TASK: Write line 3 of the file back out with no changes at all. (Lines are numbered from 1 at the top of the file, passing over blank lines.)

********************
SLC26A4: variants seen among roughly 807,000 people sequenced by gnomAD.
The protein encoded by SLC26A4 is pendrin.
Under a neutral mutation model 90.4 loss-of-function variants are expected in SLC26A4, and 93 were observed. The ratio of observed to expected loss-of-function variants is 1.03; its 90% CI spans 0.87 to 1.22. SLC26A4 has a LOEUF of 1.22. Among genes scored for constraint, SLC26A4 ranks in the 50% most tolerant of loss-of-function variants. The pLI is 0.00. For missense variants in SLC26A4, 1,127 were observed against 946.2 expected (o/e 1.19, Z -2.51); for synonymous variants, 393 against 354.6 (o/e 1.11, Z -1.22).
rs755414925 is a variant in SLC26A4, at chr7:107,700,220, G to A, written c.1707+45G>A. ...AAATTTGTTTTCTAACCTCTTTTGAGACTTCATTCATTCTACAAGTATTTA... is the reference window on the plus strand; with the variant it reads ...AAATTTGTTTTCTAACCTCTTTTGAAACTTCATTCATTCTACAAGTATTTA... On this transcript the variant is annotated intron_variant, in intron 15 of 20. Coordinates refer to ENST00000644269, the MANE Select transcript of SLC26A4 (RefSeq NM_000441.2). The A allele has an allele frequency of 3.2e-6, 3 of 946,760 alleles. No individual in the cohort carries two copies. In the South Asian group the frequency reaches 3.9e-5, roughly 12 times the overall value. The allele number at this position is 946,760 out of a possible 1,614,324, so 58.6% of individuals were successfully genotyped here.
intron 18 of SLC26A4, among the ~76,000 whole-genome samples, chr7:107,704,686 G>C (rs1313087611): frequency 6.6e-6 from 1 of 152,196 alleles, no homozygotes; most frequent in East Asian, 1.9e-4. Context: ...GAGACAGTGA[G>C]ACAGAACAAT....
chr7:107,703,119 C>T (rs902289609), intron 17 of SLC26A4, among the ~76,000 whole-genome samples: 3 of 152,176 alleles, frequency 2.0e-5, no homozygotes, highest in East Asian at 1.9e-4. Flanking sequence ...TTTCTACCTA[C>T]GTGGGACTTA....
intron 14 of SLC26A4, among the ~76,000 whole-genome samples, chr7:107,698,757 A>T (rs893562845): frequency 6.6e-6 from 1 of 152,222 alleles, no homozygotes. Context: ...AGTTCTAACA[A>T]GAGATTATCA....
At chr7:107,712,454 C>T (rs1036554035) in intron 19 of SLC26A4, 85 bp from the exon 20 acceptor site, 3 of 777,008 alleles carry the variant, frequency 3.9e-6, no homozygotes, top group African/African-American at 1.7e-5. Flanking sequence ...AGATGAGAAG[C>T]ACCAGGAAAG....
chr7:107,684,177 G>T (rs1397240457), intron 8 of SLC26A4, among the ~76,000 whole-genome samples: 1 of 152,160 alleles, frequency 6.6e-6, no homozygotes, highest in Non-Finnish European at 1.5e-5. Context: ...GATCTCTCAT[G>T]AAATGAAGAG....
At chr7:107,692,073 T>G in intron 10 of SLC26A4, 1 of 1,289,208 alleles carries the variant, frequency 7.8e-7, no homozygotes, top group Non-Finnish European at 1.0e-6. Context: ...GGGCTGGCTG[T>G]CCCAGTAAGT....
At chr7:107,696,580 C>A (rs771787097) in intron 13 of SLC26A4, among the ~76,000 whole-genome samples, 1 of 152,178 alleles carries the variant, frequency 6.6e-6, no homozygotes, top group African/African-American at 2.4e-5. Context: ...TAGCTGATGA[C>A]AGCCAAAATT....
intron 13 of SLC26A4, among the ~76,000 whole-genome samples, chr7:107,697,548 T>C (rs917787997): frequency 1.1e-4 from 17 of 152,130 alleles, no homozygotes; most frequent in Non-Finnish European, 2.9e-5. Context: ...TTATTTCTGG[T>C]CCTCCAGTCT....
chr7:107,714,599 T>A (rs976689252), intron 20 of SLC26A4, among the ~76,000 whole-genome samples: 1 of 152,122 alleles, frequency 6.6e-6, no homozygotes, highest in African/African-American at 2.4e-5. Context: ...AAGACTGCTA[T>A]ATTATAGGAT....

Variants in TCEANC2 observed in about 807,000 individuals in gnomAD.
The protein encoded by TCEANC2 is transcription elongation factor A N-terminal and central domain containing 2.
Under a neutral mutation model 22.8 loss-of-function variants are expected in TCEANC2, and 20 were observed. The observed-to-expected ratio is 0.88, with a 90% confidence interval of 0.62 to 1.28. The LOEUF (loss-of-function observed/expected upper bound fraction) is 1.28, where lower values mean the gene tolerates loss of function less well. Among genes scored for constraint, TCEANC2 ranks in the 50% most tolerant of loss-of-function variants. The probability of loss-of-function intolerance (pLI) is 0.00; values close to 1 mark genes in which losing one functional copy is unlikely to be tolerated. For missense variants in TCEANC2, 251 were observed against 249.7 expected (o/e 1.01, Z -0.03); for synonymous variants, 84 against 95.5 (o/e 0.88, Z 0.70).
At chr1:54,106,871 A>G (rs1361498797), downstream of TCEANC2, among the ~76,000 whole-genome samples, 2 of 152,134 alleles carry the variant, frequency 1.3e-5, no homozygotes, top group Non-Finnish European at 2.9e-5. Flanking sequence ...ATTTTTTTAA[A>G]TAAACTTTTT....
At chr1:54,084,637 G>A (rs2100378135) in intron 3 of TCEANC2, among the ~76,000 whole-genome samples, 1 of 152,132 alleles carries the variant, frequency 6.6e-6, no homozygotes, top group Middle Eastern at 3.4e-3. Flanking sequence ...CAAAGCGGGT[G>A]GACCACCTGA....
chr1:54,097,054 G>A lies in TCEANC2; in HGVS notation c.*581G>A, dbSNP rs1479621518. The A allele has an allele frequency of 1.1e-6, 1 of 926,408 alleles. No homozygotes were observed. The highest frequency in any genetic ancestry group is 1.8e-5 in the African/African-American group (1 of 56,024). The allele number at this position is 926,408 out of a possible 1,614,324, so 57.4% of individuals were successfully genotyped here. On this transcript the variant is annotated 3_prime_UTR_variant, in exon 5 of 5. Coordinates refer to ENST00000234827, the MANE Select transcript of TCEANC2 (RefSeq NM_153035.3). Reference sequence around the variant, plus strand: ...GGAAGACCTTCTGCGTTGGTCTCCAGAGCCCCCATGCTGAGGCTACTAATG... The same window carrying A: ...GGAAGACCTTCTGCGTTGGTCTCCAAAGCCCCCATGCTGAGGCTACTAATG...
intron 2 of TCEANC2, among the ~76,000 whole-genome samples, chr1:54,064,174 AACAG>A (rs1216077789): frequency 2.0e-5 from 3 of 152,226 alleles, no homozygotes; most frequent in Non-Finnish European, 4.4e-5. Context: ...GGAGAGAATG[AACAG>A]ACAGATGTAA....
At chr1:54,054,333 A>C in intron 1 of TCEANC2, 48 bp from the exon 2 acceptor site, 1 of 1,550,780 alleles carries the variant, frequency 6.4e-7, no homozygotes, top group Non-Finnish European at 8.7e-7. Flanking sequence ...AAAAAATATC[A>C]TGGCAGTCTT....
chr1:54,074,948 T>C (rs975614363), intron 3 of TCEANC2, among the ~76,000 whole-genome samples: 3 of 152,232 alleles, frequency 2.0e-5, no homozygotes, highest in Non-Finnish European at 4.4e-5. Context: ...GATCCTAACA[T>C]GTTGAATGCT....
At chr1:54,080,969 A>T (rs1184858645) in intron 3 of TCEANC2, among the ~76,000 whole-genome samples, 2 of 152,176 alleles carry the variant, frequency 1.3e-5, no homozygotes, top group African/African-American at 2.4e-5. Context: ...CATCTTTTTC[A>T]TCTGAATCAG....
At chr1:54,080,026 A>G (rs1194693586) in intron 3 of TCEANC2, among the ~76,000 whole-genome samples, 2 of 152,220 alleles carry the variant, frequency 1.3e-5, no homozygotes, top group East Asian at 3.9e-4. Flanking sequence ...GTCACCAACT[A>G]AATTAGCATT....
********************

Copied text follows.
Under a neutral mutation model 90.4 loss-of-function variants are expected in SLC26A4, and 93 were observed. The ratio of observed to expected loss-of-function variants is 1.03; its 90% CI spans 0.87 to 1.22. SLC26A4 has a LOEUF of 1.22. Among genes scored for constraint, SLC26A4 ranks in the 50% most tolerant of loss-of-function variants. The pLI is 0.00. For missense variants in SLC26A4, 1,127 were observed against 946.2 expected (o/e 1.19, Z -2.51); for synonymous variants, 393 against 354.6 (o/e 1.11, Z -1.22).